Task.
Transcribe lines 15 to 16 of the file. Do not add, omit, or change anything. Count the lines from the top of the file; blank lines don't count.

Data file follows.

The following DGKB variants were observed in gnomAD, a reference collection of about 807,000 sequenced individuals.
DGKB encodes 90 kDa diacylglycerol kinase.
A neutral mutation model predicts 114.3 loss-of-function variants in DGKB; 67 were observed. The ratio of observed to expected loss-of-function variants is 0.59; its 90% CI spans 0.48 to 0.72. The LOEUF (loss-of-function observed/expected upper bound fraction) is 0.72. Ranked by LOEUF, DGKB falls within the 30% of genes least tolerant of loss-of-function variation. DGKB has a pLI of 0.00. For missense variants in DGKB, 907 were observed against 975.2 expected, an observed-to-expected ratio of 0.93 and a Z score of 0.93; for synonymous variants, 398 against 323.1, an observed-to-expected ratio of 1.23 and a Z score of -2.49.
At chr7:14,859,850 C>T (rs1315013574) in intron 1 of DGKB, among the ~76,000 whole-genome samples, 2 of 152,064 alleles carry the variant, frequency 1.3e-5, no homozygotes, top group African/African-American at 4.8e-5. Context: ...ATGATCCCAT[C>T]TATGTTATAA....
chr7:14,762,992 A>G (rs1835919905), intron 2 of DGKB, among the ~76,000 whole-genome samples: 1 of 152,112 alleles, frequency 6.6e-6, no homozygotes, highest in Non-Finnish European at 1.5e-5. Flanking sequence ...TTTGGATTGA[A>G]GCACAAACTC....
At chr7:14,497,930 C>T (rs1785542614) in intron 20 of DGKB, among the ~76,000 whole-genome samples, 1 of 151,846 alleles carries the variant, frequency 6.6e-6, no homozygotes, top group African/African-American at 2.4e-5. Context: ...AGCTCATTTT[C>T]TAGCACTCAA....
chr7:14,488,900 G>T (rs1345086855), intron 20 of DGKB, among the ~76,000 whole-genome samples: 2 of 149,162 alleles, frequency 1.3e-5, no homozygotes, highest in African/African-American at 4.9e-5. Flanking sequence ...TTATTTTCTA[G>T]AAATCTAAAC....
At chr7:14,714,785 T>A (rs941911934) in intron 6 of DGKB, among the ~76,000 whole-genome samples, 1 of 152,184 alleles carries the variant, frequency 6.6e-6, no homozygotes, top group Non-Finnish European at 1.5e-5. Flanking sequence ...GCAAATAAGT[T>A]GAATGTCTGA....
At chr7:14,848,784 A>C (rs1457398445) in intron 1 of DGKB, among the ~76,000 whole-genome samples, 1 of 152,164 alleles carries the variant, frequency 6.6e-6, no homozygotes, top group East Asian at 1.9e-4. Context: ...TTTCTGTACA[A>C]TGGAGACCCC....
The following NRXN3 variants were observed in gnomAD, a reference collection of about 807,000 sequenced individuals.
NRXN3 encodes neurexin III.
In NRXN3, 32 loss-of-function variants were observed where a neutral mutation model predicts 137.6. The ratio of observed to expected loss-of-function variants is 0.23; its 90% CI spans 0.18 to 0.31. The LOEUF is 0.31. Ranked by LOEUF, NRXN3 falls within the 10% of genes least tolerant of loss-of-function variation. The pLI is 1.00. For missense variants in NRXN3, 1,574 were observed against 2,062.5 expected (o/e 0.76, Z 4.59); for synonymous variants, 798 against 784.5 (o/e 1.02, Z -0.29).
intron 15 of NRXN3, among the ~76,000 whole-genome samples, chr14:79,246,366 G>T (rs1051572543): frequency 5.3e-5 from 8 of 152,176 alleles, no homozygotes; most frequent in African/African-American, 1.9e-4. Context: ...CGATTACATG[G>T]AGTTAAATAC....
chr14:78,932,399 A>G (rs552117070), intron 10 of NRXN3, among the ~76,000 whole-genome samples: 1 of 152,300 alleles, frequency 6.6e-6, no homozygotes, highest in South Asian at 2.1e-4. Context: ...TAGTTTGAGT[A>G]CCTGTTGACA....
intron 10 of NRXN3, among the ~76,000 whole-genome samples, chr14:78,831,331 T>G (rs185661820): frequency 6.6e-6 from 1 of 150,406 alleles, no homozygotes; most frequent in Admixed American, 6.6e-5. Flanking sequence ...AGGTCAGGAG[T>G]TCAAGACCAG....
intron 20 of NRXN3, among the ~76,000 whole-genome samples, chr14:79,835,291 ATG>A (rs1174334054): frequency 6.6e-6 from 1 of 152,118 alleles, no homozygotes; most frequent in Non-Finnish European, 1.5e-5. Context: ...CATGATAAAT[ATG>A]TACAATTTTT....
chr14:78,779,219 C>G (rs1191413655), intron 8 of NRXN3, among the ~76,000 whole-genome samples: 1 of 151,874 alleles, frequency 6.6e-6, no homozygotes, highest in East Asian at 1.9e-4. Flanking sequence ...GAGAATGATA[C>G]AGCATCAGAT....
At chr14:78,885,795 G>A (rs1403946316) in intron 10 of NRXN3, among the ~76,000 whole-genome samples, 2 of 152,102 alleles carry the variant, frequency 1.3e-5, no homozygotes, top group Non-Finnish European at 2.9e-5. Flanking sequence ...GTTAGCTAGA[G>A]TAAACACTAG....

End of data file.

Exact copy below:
intron 10 of NRXN3, among the ~76,000 whole-genome samples, chr14:78,831,331 T>G (rs185661820): frequency 6.6e-6 from 1 of 150,406 alleles, no homozygotes; most frequent in Admixed American, 6.6e-5. Flanking sequence ...AGGTCAGGAG[T>G]TCAAGACCAG....
intron 20 of NRXN3, among the ~76,000 whole-genome samples, chr14:79,835,291 ATG>A (rs1174334054): frequency 6.6e-6 from 1 of 152,118 alleles, no homozygotes; most frequent in Non-Finnish European, 1.5e-5. Context: ...CATGATAAAT[ATG>A]TACAATTTTT....